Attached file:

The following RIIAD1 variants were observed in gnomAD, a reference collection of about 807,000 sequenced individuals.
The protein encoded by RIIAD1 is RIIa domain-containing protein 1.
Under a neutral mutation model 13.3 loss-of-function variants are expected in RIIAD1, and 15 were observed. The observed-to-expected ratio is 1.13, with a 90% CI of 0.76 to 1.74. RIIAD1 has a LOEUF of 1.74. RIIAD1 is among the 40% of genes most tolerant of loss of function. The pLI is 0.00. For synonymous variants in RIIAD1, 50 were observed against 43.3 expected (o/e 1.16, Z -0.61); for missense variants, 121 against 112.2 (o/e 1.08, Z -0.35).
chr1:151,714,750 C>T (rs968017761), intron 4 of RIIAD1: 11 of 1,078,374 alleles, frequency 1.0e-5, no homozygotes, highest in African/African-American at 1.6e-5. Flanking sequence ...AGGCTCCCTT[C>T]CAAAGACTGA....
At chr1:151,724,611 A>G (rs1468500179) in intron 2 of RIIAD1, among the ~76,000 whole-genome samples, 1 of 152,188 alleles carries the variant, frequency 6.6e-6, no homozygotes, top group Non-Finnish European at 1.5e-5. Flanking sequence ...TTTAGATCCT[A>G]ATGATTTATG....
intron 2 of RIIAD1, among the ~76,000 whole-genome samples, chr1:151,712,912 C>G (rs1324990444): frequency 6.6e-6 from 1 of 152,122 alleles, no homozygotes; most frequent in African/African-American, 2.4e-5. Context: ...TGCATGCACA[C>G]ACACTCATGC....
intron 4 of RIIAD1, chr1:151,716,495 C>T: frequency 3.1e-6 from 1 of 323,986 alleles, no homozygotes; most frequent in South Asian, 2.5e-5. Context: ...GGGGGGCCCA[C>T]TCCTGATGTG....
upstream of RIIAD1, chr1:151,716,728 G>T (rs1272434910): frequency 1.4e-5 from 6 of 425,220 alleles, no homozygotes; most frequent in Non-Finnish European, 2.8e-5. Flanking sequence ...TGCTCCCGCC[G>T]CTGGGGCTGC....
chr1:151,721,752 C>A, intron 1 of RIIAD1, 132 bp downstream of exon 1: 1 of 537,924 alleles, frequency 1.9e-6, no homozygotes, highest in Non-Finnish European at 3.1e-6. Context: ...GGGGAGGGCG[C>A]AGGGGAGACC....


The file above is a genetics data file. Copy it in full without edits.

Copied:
The following RIIAD1 variants were observed in gnomAD, a reference collection of about 807,000 sequenced individuals.
The protein encoded by RIIAD1 is RIIa domain-containing protein 1.
Under a neutral mutation model 13.3 loss-of-function variants are expected in RIIAD1, and 15 were observed. The observed-to-expected ratio is 1.13, with a 90% CI of 0.76 to 1.74. RIIAD1 has a LOEUF of 1.74. RIIAD1 is among the 40% of genes most tolerant of loss of function. The pLI is 0.00. For synonymous variants in RIIAD1, 50 were observed against 43.3 expected (o/e 1.16, Z -0.61); for missense variants, 121 against 112.2 (o/e 1.08, Z -0.35).
chr1:151,714,750 C>T (rs968017761), intron 4 of RIIAD1: 11 of 1,078,374 alleles, frequency 1.0e-5, no homozygotes, highest in African/African-American at 1.6e-5. Flanking sequence ...AGGCTCCCTT[C>T]CAAAGACTGA....
At chr1:151,724,611 A>G (rs1468500179) in intron 2 of RIIAD1, among the ~76,000 whole-genome samples, 1 of 152,188 alleles carries the variant, frequency 6.6e-6, no homozygotes, top group Non-Finnish European at 1.5e-5. Flanking sequence ...TTTAGATCCT[A>G]ATGATTTATG....
intron 2 of RIIAD1, among the ~76,000 whole-genome samples, chr1:151,712,912 C>G (rs1324990444): frequency 6.6e-6 from 1 of 152,122 alleles, no homozygotes; most frequent in African/African-American, 2.4e-5. Context: ...TGCATGCACA[C>G]ACACTCATGC....
intron 4 of RIIAD1, chr1:151,716,495 C>T: frequency 3.1e-6 from 1 of 323,986 alleles, no homozygotes; most frequent in South Asian, 2.5e-5. Context: ...GGGGGGCCCA[C>T]TCCTGATGTG....
upstream of RIIAD1, chr1:151,716,728 G>T (rs1272434910): frequency 1.4e-5 from 6 of 425,220 alleles, no homozygotes; most frequent in Non-Finnish European, 2.8e-5. Flanking sequence ...TGCTCCCGCC[G>T]CTGGGGCTGC....
chr1:151,721,752 C>A, intron 1 of RIIAD1, 132 bp downstream of exon 1: 1 of 537,924 alleles, frequency 1.9e-6, no homozygotes, highest in Non-Finnish European at 3.1e-6. Context: ...GGGGAGGGCG[C>A]AGGGGAGACC....